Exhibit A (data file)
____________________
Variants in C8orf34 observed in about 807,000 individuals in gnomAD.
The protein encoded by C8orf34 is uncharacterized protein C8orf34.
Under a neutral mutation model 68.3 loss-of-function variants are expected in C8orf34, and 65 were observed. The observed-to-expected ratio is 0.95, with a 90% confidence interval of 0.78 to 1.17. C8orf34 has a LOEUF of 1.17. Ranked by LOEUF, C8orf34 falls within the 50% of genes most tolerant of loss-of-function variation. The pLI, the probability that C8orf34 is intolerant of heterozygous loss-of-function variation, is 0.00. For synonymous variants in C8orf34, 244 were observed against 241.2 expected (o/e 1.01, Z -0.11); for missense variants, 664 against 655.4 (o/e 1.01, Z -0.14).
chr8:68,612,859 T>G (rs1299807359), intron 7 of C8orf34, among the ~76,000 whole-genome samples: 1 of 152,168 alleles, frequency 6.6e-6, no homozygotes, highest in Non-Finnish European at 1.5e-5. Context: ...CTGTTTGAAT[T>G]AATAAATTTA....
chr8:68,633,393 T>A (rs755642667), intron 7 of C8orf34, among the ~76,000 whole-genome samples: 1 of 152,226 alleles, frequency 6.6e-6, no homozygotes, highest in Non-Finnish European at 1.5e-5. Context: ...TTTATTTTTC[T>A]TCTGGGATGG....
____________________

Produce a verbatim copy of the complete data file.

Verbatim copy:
Variants in C8orf34 observed in about 807,000 individuals in gnomAD.
The protein encoded by C8orf34 is uncharacterized protein C8orf34.
Under a neutral mutation model 68.3 loss-of-function variants are expected in C8orf34, and 65 were observed. The observed-to-expected ratio is 0.95, with a 90% confidence interval of 0.78 to 1.17. C8orf34 has a LOEUF of 1.17. Ranked by LOEUF, C8orf34 falls within the 50% of genes most tolerant of loss-of-function variation. The pLI, the probability that C8orf34 is intolerant of heterozygous loss-of-function variation, is 0.00. For synonymous variants in C8orf34, 244 were observed against 241.2 expected (o/e 1.01, Z -0.11); for missense variants, 664 against 655.4 (o/e 1.01, Z -0.14).
chr8:68,612,859 T>G (rs1299807359), intron 7 of C8orf34, among the ~76,000 whole-genome samples: 1 of 152,168 alleles, frequency 6.6e-6, no homozygotes, highest in Non-Finnish European at 1.5e-5. Context: ...CTGTTTGAAT[T>G]AATAAATTTA....
chr8:68,633,393 T>A (rs755642667), intron 7 of C8orf34, among the ~76,000 whole-genome samples: 1 of 152,226 alleles, frequency 6.6e-6, no homozygotes, highest in Non-Finnish European at 1.5e-5. Context: ...TTTATTTTTC[T>A]TCTGGGATGG....